“are simply the cost of obtaining the benefits ”

    Simply … cost(s). My point exactly.

    “You neglect the gains of IP.”

    I’m not “neglecting it”. The monetary “gains” of “IP”, or “patents” specifically which is at issue at the moment, are the “loses” or “costs” of another person. It is fine to count them as costs though you might also count them as gains in another context. Really it is just money that has been used up by one party to produce the “benefit” of the patent system for the patentee, that is traditionally known as a “cost” regardless of the fact the money went to someone else and the other person benefited. I’m sure that your indoctrination has helped you to overlook this plain economic definition but it is never the less quite a plain definition.

    But if you prefer, we can count that as both a gain and a cost. Doesn’t really matter, the cost is what we’re focusing on right now. If you prefer, we could look at the “gains” later.

    “Your simple use of the baseline cost is simple error.”

    It was my comment, I get to use baseline cost if I feel like it. You’re not king of what I choose to say. Nor is it an “error” to take the view I am, we can look at the flip side of the coin later on, just because I haven’t yet doesn’t mean it is an “error”.

    “Your tendency to define value seems far too subjective”

    I’m willing to expand my definition of value to encompass all that could reasonably be called “value”, including those things you feel are “benefits”, but just because I will throw something in with “value” doesn’t mean it will magically disappear from the column of “costs”. Those numerical values can go in both columns simultaneously.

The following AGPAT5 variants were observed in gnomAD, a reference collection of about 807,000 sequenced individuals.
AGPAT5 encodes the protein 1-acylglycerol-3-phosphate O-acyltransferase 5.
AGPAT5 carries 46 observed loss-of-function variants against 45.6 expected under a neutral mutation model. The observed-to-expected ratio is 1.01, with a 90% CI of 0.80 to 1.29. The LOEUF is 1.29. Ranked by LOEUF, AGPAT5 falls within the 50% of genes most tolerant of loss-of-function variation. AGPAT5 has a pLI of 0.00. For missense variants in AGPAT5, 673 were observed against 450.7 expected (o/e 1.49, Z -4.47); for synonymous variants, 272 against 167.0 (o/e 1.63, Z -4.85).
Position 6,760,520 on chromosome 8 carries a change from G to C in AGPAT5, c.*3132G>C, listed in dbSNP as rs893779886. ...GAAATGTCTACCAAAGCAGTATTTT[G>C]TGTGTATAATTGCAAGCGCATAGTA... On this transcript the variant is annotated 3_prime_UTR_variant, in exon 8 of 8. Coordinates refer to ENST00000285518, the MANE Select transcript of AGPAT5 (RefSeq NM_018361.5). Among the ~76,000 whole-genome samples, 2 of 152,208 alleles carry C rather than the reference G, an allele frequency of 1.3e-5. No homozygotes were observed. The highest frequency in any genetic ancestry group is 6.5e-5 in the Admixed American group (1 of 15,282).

24. as for myself I will be a realist and use standard definitions.

    That’s the point, John, you are not using standard definitions. Your bias is showing, and quite frankly, there is little point in my explaining to you how the real world works because it is evident that you do not want to know how the real world works.

    As evidenced by: “The monetary “gains” of “IP”, or “patents” specifically which is at issue at the moment, are the “loses” or “costs” of another person” you wish to reduce business to a “someone must lose” game. That is not how the real world works. Being the king of what you say is not my goal. That you feel compelled to be such a king, and make the mistakes you make (while insisting that it is I that is not in the real world), paints clearly the picture of just who is inhabiting a kingdom of their own mind.

    Good luck with that.